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On Values, Role Models, And The Importance Of Being Me

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1998 Annual Conference


Seattle, Washington

Publication Date

June 28, 1998

Start Date

June 28, 1998

End Date

July 1, 1998



Page Count


Page Numbers

3.432.1 - 3.432.10



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Paper Authors

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Cynthia A. Mitchell

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Caroline Baillie

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NOTE: The first page of text has been automatically extracted and included below in lieu of an abstract


On Values, Role Models, and the Importance of Being Me

Cynthia Mitchell, The University of Queensland, Brisbane, Australia Caroline Baillie, Imperial College of Science, Technology and Medicine, UK


The recent National Position Paper for Women in Engineering in Australia identified shared explicit values as the basis for a new vision of engineering education, moving away from the existing themes of isolation and exclusion to the preferred themes of inclusion and integration. In this paper, we explore our own experiences and values as women engineering educators and researchers. We connect these personal explorations to prevailing theories about the disconnection between engineering and society and the myth of engineering and scientific objectivity. We then describe various initiatives we have developed within our research and our teaching which enable our student engineers, women and men, to discover their own values, and to live those values within the profession of engineering. Our belief in the importance of role models and having a commitment to living our values provides the link between our own values and these programs.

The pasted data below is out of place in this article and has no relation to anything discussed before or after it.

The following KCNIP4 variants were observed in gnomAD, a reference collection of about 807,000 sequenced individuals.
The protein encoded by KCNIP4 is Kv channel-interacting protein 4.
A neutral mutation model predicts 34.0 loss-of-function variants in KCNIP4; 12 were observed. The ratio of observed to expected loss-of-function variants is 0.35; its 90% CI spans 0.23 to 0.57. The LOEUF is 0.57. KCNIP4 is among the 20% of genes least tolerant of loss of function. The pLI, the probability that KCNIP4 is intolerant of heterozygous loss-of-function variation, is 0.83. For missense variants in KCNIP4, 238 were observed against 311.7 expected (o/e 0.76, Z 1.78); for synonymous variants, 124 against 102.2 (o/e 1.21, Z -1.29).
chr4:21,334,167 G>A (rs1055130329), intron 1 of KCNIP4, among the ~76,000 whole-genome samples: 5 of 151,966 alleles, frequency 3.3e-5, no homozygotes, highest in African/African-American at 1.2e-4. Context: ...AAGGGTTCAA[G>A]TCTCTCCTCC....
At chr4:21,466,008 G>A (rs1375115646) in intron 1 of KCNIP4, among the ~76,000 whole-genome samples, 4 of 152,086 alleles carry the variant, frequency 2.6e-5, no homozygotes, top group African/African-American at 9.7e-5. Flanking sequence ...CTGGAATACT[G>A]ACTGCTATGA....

1.1 A Structural Metaphor

This paper is structured after the model of the reflective practitioner - it’s cyclical. The central core of the work is about values in engineering, and we attempt to examine values from various perspectives.

Sometimes metaphors are helpful in explaining concepts, so we would like to explain our approach to this paper in terms of a metaphor:

Imagine a complex sculpture - for those of you lucky enough to have been to Vigeland Park in Oslo, use Gustav Vigeland’s masterpiece, the monolith, on a bright sunny fall morning as your image. For those who are not so fortunate, allow us to briefly describe it: it is a huge granite column, about 17m high and 3m in diameter, with 121 human sculptures. Vigeland’s mastery was in his ability to capture people’s emotions with wonderfully simple lines. You can find more information and pictures at

Imagine now several separate groups of tourists, each with their own guide, standing at different positions around the base of the sculpture. This particular sculpture has no right and proper and correct angle from which it ought to be viewed - no front, no back, no side - when you look at the sculpture from different angles, you see different things - different details, different stories, but all part of the same whole, and not all the stories are visible from a single vantage point… the only way to appreciate it in its entirety is to walk slowly around it many times, so that you see it from all possible angles and in all possible lights, stopping from time to time to take in the details of a particular view.

Mitchell, C. A., & Baillie, C. (1998, June), On Values, Role Models, And The Importance Of Being Me Paper presented at 1998 Annual Conference, Seattle, Washington. 10.18260/1-2--7323

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